“I’ve got a Corvetter C6 Convertible, 18″ wheels out front; 19″ out back, staggered cross wheel rotors, 6.02L 69 transmission, 0-60 in….. 3.9 seconds. Then a Jeep Wrangler lifted on 6″, 47″ tires and it’s got a massive exahust – it’s an ’07 but years don’t matter on Jeeps. And I’ve got a 1953 Bel Air.”
Enjoying my time home with my toys 😊😃😎✌🏾️🚗💨 pic.twitter.com/nUexc6sDv8
— Kandace Springs (@KandaceSprings) July 25, 2016
“…So I ended up talking to Don Woods and when he started hearing the finished (jazz) product he was like, “why weren’t we doing this in the first place?” So we ended up finishing the album and now we’re just so overwhelmed, somehow people are just thirsty for this kinda music.”
So maybe Prince was right..? Maybe people are thirsty for this sound in a world dominated by modulated, synthesized voices? Clearly he saw a lot of potential when he DM’ed Kandace after seeing her do Sam Smiths “Stay With Me”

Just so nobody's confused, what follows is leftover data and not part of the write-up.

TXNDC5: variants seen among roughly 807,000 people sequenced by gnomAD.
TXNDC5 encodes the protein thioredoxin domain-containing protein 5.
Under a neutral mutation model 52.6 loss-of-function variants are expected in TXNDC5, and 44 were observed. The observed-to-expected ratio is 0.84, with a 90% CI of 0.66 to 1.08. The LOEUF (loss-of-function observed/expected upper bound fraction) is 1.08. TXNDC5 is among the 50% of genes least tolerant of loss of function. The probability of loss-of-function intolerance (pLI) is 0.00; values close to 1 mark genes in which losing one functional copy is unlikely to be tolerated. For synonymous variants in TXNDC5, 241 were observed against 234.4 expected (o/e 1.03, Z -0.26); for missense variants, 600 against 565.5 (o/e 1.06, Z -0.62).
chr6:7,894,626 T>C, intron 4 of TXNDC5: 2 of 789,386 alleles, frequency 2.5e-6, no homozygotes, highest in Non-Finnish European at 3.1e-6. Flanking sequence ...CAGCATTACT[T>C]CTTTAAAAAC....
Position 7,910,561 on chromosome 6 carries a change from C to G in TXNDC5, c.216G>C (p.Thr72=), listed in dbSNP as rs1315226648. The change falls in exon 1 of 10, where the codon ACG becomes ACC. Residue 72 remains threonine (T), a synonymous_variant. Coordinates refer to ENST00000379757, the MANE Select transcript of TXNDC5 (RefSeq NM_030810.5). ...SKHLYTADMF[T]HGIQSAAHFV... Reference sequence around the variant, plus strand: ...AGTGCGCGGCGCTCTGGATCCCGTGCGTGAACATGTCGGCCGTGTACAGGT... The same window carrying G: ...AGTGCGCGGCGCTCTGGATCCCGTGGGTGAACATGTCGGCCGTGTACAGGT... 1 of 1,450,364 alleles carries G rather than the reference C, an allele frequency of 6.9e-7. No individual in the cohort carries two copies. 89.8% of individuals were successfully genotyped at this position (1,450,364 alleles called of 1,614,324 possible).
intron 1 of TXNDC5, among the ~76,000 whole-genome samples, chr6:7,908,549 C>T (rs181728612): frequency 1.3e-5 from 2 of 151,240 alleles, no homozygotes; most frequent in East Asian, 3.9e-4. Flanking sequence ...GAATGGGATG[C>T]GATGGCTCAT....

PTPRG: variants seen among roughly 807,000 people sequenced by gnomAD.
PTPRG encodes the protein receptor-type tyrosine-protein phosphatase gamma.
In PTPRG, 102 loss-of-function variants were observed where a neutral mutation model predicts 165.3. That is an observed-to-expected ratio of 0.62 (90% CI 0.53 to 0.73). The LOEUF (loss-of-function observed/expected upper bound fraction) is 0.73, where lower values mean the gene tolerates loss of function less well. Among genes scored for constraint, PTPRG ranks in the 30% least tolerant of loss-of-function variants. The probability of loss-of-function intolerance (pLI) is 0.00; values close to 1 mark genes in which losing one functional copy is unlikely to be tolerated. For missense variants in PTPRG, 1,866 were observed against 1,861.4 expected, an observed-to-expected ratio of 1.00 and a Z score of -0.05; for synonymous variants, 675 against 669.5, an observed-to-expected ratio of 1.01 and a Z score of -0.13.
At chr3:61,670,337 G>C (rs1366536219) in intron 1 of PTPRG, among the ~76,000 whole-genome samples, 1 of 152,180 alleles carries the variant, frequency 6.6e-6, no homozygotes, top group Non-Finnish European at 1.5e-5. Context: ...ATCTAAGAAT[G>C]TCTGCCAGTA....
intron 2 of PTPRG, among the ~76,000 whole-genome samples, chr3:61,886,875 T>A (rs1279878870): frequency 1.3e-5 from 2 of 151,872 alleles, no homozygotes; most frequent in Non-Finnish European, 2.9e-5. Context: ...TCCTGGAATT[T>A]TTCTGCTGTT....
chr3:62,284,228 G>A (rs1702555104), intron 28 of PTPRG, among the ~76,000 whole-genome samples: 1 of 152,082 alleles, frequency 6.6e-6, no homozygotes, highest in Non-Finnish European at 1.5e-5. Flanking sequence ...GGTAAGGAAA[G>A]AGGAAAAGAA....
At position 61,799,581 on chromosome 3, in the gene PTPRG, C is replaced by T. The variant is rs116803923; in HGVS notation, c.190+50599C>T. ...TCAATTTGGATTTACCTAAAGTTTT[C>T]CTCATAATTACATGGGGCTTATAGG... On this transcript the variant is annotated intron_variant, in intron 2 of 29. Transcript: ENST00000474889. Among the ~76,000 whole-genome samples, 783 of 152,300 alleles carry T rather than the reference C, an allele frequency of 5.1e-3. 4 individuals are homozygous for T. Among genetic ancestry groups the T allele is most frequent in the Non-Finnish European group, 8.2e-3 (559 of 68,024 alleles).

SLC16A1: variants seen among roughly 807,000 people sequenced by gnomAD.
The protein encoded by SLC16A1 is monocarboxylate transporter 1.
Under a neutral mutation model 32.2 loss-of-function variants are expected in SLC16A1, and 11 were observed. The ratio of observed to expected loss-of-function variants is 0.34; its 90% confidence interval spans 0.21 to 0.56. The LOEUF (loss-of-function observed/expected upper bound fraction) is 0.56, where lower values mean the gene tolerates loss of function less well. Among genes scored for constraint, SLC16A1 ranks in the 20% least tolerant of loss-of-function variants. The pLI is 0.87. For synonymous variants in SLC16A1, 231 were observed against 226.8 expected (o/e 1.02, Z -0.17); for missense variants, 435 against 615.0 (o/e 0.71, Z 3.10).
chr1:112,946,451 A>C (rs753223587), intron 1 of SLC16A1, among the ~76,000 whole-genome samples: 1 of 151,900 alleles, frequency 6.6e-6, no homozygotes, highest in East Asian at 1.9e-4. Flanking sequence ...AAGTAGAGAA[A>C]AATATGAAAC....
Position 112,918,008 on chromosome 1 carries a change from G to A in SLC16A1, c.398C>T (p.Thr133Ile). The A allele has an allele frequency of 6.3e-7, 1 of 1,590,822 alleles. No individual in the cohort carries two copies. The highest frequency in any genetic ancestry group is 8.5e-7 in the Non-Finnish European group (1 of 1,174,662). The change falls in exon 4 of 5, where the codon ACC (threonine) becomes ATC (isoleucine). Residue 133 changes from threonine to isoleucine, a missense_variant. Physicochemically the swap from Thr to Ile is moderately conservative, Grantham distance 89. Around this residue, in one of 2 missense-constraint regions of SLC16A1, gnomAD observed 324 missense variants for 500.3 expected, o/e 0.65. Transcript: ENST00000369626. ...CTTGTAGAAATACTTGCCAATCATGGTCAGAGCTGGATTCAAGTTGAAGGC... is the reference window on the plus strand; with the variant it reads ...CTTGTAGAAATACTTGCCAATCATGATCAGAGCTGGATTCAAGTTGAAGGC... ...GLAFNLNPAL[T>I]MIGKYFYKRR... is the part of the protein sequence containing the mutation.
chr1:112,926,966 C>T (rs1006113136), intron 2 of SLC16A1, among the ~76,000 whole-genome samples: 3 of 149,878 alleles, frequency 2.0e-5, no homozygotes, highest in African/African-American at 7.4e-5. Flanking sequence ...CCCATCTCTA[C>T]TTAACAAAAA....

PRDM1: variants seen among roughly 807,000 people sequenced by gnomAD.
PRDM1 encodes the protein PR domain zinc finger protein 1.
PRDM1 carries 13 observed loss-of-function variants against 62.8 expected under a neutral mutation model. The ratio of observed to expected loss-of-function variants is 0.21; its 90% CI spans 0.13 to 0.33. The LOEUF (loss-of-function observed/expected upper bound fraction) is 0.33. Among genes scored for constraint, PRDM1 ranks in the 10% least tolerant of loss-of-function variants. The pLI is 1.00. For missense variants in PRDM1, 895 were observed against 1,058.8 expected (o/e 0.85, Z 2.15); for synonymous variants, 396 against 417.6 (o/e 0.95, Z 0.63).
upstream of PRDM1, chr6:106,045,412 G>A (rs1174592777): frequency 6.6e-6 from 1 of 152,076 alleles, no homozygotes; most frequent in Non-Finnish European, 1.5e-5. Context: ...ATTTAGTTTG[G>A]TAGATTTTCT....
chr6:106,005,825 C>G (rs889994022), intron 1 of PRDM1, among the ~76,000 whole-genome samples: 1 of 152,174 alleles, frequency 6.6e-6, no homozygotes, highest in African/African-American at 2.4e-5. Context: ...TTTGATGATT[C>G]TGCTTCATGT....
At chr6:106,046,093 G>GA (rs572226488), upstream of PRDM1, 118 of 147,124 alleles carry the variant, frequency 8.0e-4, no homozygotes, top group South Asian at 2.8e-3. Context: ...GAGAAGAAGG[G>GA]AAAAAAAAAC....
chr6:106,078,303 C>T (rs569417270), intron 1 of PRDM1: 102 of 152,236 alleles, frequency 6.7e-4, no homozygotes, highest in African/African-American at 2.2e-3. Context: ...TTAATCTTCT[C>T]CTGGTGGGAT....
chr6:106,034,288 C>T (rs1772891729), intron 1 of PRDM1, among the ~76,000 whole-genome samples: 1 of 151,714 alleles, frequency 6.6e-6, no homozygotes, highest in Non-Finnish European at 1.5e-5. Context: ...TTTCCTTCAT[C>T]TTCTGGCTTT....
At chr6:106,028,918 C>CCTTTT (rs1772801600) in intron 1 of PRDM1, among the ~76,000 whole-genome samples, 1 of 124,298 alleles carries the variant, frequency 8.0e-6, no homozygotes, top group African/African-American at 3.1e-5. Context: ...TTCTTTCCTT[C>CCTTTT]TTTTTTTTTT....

Kandace has completely embraced this sound. Although she relied heavily on songs written by others for her 2016 release Soul Eyes the production of the record was clear that Kandance and her sound was now front and center. There was nothing to hold back the raw emotion, talent and groove that she had to offer as a cross-over jazz artist. She’s bottled something that represents her own style and put it directly into this LP.
But what about a really great Prince story?
“Oh man, I have sooo many of them… okay, let me start from the beginning:
He doesn’t just like to do music – he likes to go see movies, he took me on a Sunday drive through the neighborhood where he used to live and stuff, anyway I’ll get to that: OkayPlay had tweeted a video or something, my cover of that Sam Smith tune – and Prince saw that and retweeted that. So I’m thinking that’s it. A couple minutes later I get a DM, Prince had just messaged me. So I’m thinking, “nah that couldn’t be him.”
I have a friend Evan, who’s a great guy and a really big Prince fan, and he tells me how Prince writes – he spells ‘I’ as ‘EyE’ and just generally spelling everything wrong – so Evan is like, “that’s him! That’s how you know!”